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Penn Nursing’s $10 Million Grant from NIH to Improve Sedation Management of Critically-Ill Children
April 22, 2008, Volume 54, No. 30

The National Institutes of Health has awarded the University of Pennsylvania School of Nursing a $10 million grant to investigate better ways of managing sedation for children on life-saving ventilators. The grant, the largest in the school’s history, will be devoted to conducting one of the most comprehensive studies ever undertaken in pediatric critical care.

The children, who range in age from infant to 18 years, are typically the victims of trauma, pneumonia, bronchiolitis, asthma and other conditions, and are often critically ill, requiring the insertion of ventilation tubes into the throat to assist breathing. The study will involve more than 2,750 patients in 18 of some of the most prestigious pediatric hospitals in the United States and Canada.

“This research asks an important question that will directly inform doctors how to care for critically ill pediatric patients,” said Dr. Andrea Harabin, program director for Acute Lung Injury and Critical Care Medicine, of the National Heart, Lung, and Blood Institute (NHLBI), which co-funded the grant.

“The truly collaborative, interdisciplinary approach used in this study is very exciting,” added Dr. Patricia A. Grady, director of the National Institute of Nursing Research, which is co-funding this grant along with NHLBI. “This approach may not only decrease the amount of time patients are required to be on a ventilator, it may shorten the time they spend in the hospital, improve their long-term outcomes, and lower the overall cost of care.”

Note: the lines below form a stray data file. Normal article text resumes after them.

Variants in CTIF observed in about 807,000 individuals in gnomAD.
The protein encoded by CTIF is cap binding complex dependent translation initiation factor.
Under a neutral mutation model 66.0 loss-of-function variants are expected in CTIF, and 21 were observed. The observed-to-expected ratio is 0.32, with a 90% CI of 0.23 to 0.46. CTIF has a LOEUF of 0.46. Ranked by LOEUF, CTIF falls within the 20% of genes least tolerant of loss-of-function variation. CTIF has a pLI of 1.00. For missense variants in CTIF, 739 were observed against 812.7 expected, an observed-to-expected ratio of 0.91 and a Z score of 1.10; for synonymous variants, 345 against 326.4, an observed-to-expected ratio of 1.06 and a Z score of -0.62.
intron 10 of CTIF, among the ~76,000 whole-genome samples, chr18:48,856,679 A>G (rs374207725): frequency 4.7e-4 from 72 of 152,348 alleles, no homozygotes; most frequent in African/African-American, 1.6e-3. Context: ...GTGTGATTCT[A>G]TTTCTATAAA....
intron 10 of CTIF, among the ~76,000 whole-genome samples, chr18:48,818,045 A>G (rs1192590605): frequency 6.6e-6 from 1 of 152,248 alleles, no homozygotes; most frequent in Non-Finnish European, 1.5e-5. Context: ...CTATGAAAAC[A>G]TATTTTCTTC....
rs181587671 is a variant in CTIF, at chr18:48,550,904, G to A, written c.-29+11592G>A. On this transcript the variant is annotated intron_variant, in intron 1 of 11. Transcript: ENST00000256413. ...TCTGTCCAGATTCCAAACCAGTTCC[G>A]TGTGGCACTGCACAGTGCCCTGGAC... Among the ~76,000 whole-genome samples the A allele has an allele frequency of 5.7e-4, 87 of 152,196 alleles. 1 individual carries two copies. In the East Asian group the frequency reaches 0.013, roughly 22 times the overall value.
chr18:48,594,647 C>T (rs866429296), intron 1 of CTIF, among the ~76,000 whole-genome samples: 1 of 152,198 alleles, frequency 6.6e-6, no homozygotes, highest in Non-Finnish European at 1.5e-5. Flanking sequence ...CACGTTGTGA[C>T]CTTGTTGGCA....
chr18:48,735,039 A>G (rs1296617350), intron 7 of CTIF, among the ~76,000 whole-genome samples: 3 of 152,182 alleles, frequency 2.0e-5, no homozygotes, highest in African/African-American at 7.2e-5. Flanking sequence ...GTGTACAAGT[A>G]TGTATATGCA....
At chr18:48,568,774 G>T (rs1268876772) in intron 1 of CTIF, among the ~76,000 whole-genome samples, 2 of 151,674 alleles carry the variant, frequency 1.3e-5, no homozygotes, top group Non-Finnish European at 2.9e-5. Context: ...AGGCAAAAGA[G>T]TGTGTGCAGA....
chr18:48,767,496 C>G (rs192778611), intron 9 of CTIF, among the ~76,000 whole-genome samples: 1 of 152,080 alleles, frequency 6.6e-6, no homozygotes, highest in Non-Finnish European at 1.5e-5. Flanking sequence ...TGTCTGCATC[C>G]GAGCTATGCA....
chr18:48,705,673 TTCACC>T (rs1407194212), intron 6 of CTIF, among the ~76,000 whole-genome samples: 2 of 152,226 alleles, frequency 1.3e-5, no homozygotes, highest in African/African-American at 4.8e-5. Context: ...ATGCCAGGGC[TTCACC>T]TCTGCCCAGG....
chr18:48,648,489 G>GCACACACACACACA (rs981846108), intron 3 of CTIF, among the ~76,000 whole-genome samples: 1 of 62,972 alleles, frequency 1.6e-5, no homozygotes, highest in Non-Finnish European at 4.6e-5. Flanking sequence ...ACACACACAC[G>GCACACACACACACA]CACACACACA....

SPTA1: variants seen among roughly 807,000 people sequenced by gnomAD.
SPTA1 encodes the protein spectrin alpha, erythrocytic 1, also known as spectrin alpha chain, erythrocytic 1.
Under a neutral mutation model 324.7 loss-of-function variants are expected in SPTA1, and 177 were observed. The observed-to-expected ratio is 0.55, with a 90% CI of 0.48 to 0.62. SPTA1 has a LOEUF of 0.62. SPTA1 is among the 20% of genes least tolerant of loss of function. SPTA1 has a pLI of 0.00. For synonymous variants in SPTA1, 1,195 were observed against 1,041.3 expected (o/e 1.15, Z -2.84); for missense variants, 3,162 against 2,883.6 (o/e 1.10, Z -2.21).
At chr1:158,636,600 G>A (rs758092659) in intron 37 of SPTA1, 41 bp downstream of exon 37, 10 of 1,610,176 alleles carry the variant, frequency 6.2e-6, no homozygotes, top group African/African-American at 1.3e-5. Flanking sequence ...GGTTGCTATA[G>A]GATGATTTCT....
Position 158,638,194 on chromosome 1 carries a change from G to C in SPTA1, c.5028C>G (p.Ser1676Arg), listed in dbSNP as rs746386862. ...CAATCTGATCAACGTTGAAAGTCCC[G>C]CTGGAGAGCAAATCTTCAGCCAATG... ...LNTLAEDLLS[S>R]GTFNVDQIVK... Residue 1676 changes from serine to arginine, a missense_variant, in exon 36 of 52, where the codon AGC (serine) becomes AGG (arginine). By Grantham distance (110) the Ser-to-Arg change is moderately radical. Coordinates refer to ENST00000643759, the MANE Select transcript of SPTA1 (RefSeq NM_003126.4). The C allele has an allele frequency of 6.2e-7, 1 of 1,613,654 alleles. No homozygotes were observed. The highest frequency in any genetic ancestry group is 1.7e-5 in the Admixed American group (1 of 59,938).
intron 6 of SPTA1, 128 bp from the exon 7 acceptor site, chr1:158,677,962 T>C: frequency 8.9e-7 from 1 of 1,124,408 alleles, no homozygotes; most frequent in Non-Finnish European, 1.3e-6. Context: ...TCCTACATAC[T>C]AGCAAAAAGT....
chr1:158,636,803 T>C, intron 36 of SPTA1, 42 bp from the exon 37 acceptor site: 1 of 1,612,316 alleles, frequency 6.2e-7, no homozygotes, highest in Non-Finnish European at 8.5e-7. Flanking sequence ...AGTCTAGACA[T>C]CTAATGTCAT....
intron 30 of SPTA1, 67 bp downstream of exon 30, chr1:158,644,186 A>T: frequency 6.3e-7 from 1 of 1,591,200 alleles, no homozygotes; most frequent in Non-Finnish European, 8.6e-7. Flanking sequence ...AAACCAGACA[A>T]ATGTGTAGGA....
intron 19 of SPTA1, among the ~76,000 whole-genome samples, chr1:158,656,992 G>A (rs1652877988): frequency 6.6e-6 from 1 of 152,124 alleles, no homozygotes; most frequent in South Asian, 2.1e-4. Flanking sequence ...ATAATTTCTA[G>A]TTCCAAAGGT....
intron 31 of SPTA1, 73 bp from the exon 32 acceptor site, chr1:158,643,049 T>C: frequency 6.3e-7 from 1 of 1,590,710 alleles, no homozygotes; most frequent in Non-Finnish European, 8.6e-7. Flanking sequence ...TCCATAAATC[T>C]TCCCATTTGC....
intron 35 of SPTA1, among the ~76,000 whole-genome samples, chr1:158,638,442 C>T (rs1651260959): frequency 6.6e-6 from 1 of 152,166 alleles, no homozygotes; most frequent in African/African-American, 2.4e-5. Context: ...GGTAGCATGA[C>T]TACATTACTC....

“Our goal is to tightly manage sedation so that children can be weaned from mechanical ventilators earlier in hopes they will have fewer complications and spend less time in the hospital while continuing to ensure they are comfortable,” said associate professor of nursing Dr. Martha A.Q. Curley, the principal investigator of the study. “Too much sedation can actually prolong hospital stays by preventing the body from healing quickly and can cause health issues such as overdependence on medication.”

“Using their clinical judgment, nurses will implement a goal-directed comfort algorithm guiding titration of sedative drugs. This new procedure changes the collaborative nature of critical care to immediately benefit the patient by having nurses, those closest to the patient, make decisions about how best to help very sick children be comfortable,” said Dr. Curley.

Researchers will follow a team of physicians, nurses, clinical pharmacists, respiratory therapists and others who will jointly set daily goals for sedation management. Nurses will then administer medications in adherence with the overall goal, rather than awaiting a specific order. The new technique will be assessed to see whether the number of days spent on a ventilator can be safely and humanely reduced to promote patient recovery.

“Dr. Curley’s innovative program of research exemplifies a commitment to interdisciplinarity in developing the evidence for best practices in managing care of children,” said Dean of the School of Nursing Dr. Afaf Meleis.

“Currently, patients can be sedated for longer periods of time than needed which can delay recovery,” Dr. Curley said. Only about nine percent of physicians surveyed indicate they consistently follow all elements of the new protocol on sedation management.

Some of the 18 sites will continue to manage the patient’s comfort as they do now, and others will use the new protocol, closely titrating sedative medications. Researchers will conduct telephone surveys six months after patients go home to determine the long-term effect of the change in care.

The study will be conducted over five years involving 18 sites.




Almanac - April 22, 2008, Volume 54, No. 30